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Opportunity rover expected to call home as Martian dust storm clears

NASA scientists say that, as long as the rover's solar arrays are not covered by dust and it has not been damaged during the storm, Opportunity should power back up and begin communicating with Earth again.

By
Brooks Hays
Opportunity's Pancam photographed the Mars’ Perseverance Valley in June before the dust storm disrupted the rover's communications with Earth. Photo by NASA/JPL-Caltech/Cornell/Arizona State University
Opportunity's Pancam photographed the Mars’ Perseverance Valley in June before the dust storm disrupted the rover's communications with Earth. Photo by NASA/JPL-Caltech/Cornell/Arizona State University

Aug. 31 (UPI) -- The weeks-long Martian dust storm is waning, and Opportunity rover can finally see clearly. NASA scientists think the rover will soon receive enough sunlight to recharge its batteries and resume its science mission.

"The sun is breaking through the haze over Perseverance Valley," John Callas, Opportunity project manager at NASA's Jet Propulsion Laboratory, said in a news release.

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Mars' tau level is the measure of the concentration of particulate matter in the Martian atmosphere. Once the tau level surrounding Opportunity dips below 1.5, scientists will attempt to resume communication with the rover.

Scientists haven't traded messages with Opportunity since June 10.

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While Mars' massive dust storms, which crop up every several years, can disrupt on-the-ground scientific missions, they also offer scientists a unique opportunity to study Mars' atmosphere and weather patterns.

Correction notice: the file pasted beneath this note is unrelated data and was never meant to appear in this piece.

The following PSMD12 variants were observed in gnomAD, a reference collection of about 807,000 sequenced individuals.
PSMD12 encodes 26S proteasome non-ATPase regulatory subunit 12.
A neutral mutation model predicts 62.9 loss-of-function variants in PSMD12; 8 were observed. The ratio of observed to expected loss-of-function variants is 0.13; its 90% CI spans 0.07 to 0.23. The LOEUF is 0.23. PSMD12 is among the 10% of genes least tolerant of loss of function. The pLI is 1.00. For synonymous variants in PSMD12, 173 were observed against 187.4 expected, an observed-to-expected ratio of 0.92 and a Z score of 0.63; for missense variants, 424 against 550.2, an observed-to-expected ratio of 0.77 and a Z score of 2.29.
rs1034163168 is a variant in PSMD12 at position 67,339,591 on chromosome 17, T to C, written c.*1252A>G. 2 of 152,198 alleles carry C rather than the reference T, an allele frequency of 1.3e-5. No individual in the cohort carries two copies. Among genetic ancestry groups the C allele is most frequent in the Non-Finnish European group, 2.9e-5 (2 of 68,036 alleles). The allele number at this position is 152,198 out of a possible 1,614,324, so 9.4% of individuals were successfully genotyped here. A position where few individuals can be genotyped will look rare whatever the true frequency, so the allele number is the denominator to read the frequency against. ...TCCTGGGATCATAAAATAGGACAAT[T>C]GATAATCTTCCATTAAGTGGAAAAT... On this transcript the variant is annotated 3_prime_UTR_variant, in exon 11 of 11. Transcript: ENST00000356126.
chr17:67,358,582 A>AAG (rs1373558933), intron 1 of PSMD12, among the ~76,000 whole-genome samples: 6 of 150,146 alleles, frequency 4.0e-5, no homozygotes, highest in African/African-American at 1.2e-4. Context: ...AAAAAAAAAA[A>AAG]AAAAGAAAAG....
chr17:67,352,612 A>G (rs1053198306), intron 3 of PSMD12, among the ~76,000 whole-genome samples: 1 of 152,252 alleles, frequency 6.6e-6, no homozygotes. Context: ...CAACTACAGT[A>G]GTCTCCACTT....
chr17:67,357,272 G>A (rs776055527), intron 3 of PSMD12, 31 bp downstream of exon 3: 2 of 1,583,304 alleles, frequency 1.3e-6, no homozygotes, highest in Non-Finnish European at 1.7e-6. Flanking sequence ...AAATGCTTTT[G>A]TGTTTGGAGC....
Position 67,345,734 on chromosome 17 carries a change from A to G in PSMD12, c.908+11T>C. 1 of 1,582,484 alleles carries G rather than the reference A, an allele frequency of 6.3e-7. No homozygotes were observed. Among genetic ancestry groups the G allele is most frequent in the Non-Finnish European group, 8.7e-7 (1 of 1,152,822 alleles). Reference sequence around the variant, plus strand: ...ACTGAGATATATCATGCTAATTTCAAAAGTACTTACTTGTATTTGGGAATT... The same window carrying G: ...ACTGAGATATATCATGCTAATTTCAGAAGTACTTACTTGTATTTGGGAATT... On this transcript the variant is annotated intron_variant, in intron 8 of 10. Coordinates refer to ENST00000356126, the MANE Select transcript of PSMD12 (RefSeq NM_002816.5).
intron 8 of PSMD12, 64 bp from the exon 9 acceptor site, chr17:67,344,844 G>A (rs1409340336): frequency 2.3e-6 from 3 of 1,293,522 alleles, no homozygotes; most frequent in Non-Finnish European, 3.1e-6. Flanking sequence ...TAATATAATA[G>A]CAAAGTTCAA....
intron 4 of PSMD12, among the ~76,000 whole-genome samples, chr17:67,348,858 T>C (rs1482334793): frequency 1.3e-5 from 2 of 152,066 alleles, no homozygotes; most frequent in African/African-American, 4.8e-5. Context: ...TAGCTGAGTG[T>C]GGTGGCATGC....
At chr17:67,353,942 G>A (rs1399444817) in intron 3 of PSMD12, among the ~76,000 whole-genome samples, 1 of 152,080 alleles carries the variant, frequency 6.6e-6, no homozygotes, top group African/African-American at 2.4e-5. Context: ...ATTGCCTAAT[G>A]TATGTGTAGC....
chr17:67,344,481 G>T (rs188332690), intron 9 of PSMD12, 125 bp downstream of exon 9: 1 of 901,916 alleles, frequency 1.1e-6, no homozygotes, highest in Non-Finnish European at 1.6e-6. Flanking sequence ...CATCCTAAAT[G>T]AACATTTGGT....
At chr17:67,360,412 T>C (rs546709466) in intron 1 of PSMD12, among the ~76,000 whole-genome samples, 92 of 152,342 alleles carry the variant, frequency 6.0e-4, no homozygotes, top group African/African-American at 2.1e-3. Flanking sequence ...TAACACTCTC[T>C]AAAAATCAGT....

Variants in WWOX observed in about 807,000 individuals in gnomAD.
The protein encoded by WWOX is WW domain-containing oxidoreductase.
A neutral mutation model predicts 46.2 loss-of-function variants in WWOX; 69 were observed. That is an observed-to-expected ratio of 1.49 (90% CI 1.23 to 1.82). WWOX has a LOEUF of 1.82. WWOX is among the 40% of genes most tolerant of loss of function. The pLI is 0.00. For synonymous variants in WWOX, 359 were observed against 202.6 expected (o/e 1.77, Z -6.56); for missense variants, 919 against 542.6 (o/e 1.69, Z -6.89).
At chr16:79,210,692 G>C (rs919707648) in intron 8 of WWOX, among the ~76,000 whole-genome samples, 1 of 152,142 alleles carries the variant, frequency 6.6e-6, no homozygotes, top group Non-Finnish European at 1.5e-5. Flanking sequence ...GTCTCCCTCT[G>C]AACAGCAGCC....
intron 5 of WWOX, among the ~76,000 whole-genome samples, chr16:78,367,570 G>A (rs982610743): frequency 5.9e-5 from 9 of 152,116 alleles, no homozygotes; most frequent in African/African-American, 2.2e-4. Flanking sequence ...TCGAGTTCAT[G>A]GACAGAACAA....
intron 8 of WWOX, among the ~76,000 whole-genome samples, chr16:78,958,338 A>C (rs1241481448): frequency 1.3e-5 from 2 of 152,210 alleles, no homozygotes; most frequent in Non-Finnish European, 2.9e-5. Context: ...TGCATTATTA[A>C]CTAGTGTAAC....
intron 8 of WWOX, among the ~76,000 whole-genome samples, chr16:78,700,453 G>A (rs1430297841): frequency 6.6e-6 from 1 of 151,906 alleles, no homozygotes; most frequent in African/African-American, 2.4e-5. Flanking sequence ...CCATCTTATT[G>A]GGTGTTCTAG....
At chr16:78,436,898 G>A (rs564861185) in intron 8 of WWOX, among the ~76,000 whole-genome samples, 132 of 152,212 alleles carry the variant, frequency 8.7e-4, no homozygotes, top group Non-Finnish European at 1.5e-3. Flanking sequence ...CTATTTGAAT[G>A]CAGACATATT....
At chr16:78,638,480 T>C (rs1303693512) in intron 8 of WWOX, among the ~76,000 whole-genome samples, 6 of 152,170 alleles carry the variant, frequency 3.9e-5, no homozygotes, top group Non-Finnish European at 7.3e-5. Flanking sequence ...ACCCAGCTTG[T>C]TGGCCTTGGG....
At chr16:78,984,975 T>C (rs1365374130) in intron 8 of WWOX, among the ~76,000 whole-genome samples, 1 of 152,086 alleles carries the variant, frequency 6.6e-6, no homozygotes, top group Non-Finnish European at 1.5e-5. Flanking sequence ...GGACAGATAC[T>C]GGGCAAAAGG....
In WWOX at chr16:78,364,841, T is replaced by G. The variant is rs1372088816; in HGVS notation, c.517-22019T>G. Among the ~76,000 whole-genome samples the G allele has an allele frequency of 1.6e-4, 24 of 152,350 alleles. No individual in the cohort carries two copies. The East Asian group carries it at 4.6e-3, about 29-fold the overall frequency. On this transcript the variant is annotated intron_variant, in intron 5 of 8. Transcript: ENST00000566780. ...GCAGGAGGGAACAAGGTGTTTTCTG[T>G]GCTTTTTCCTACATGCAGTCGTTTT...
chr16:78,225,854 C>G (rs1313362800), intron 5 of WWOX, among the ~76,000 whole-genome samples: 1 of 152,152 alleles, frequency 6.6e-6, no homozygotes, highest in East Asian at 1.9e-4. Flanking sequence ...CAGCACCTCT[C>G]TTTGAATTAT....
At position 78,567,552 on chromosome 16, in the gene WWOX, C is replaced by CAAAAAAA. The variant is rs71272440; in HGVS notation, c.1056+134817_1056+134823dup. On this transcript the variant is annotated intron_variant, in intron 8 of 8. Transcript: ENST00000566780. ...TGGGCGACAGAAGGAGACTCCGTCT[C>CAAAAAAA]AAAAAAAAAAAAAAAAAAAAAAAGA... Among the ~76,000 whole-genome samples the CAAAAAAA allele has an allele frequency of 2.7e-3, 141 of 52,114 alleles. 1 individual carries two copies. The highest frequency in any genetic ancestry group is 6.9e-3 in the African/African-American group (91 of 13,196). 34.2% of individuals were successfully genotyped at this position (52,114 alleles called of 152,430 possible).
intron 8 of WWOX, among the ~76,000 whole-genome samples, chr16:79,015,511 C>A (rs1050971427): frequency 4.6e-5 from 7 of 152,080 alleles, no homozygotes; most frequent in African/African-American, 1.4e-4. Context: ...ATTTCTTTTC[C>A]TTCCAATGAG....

Planetary scientists still don't entirely understand how and why Martian dust storms form and grow. But with each new storm, scientists gain a new dataset to aid analysis and modeling efforts.

Scientists have been tracking the progress of the storm and estimating tau levels using photographs captured by the NASA's Mars Reconnaissance Orbiter and its Mars Color Imager.

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"The dust haze produced by the Martian global dust storm of 2018 is one of the most extensive on record," said MRO scientist Rich Zurek. "MARCI images of the Opportunity site have shown no active dust storms for some time within 3,000 kilometers [about 1,900 miles] of the rover site."

Even though the skies are clearing, scientists can't be certain of the health of Opportunity's operation systems. It's possible the dust storm caused damage.

"In a situation like this you hope for the best but plan for all eventualities," said Callas. "We are pulling for our tenacious rover to pull her feet from the fire one more time. And if she does, we will be there to hear her."

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